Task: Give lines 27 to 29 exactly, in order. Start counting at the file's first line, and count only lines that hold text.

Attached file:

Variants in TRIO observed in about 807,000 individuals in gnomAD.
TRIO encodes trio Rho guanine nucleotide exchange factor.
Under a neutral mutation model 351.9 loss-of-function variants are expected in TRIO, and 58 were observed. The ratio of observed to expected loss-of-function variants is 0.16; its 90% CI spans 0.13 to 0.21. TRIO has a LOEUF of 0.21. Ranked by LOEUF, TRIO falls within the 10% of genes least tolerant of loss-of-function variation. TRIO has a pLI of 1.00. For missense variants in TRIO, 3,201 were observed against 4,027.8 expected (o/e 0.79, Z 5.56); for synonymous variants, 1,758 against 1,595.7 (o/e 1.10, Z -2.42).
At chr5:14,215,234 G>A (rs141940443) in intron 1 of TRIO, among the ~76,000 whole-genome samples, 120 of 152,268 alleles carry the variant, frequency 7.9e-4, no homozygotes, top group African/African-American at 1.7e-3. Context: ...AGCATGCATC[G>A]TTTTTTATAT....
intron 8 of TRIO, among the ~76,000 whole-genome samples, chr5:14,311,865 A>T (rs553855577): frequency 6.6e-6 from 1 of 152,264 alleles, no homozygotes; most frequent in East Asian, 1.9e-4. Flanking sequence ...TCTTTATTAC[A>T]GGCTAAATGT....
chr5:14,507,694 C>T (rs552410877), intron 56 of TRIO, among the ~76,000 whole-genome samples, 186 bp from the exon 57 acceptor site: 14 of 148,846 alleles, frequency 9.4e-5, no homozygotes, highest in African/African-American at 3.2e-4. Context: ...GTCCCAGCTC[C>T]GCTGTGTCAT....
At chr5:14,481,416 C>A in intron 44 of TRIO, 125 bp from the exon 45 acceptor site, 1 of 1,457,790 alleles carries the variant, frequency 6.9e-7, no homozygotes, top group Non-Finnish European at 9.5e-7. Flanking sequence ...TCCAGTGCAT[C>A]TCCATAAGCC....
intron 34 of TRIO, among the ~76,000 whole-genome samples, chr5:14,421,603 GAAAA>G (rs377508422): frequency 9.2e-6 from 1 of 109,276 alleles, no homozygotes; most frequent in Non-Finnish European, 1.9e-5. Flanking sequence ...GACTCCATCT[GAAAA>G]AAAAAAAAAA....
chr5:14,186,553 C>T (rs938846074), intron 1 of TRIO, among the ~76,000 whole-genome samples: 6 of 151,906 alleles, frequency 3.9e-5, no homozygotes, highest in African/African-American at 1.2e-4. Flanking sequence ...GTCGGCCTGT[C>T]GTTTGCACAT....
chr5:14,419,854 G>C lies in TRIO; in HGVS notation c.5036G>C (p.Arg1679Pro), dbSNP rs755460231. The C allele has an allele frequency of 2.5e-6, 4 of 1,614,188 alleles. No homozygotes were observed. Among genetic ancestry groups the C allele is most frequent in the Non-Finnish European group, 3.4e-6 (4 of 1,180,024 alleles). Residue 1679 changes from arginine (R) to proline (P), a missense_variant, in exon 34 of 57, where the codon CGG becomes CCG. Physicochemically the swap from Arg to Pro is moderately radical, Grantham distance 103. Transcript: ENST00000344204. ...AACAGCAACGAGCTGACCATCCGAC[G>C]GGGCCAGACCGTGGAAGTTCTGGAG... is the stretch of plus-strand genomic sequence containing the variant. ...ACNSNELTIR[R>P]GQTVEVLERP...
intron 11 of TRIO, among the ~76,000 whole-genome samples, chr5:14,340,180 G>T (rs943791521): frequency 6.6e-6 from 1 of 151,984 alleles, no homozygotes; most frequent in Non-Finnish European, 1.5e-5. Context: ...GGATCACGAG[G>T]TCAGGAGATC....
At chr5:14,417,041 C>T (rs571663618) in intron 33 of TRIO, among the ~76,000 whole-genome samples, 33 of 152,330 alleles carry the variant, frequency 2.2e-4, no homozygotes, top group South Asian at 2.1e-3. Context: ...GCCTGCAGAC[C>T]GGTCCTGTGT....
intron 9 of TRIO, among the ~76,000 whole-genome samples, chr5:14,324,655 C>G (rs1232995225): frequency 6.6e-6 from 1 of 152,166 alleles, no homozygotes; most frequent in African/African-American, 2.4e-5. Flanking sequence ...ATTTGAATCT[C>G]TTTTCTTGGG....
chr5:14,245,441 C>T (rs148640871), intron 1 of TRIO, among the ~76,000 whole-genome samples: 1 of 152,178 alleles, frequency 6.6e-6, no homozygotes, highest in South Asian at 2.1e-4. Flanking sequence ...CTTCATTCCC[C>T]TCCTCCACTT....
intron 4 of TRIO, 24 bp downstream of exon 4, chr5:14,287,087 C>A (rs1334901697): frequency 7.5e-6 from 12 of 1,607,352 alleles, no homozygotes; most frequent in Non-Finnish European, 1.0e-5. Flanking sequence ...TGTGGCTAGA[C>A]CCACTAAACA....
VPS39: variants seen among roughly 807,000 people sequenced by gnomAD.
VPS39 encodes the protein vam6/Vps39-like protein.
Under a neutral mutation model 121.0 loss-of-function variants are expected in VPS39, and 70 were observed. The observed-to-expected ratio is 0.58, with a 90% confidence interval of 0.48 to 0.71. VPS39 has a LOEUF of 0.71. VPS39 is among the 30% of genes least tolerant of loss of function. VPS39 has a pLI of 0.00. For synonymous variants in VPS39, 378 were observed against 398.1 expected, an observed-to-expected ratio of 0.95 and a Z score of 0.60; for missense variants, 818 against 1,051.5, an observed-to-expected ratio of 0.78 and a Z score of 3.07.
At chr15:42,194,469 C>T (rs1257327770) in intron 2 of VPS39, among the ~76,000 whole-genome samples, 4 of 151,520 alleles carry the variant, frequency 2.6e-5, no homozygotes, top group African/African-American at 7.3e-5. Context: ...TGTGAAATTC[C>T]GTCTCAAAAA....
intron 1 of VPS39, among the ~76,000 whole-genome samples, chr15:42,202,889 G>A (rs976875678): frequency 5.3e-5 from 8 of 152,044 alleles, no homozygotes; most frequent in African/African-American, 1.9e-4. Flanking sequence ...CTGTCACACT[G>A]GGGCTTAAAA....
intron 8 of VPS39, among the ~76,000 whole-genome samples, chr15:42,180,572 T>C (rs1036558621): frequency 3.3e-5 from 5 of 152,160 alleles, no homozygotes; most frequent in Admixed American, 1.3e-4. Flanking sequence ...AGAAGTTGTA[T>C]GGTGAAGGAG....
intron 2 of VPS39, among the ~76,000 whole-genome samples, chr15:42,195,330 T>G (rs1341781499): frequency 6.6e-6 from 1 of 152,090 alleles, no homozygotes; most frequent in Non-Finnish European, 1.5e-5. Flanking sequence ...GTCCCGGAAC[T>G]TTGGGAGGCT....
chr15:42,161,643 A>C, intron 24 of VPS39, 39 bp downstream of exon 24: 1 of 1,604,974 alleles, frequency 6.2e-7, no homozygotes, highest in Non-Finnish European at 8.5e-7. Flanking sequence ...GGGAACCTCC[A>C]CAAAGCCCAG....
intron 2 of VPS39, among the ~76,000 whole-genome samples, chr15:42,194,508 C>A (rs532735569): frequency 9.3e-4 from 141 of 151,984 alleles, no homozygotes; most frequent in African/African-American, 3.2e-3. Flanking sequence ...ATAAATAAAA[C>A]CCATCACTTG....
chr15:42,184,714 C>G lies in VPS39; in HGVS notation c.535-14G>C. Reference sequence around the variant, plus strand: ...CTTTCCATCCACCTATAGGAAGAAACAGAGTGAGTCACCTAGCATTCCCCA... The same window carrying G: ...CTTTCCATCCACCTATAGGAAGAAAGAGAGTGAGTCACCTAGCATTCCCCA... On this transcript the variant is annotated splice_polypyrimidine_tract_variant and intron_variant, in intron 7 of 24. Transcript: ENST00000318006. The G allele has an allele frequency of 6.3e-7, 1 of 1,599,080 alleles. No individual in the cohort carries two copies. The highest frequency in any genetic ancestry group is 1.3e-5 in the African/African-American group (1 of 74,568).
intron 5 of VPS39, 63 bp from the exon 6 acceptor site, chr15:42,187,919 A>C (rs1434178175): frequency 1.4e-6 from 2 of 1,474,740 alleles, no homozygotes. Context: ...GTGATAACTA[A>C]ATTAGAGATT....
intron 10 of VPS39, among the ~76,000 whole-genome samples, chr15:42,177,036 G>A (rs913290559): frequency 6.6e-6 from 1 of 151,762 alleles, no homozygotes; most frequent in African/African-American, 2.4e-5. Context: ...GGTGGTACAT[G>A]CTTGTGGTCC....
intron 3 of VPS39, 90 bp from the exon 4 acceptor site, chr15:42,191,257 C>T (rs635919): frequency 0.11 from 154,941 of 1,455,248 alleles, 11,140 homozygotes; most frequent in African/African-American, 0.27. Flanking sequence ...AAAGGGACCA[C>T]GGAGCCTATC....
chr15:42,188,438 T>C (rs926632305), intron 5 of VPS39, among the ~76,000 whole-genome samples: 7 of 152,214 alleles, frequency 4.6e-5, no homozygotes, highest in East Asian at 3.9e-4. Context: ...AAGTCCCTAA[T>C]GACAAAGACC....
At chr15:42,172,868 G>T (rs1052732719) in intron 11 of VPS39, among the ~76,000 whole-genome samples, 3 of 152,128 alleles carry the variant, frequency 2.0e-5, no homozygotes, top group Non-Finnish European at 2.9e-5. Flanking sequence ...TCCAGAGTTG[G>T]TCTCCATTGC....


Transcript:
intron 10 of VPS39, among the ~76,000 whole-genome samples, chr15:42,177,036 G>A (rs913290559): frequency 6.6e-6 from 1 of 151,762 alleles, no homozygotes; most frequent in African/African-American, 2.4e-5. Context: ...GGTGGTACAT[G>A]CTTGTGGTCC....
intron 3 of VPS39, 90 bp from the exon 4 acceptor site, chr15:42,191,257 C>T (rs635919): frequency 0.11 from 154,941 of 1,455,248 alleles, 11,140 homozygotes; most frequent in African/African-American, 0.27. Flanking sequence ...AAAGGGACCA[C>T]GGAGCCTATC....
chr15:42,188,438 T>C (rs926632305), intron 5 of VPS39, among the ~76,000 whole-genome samples: 7 of 152,214 alleles, frequency 4.6e-5, no homozygotes, highest in East Asian at 3.9e-4. Context: ...AAGTCCCTAA[T>C]GACAAAGACC....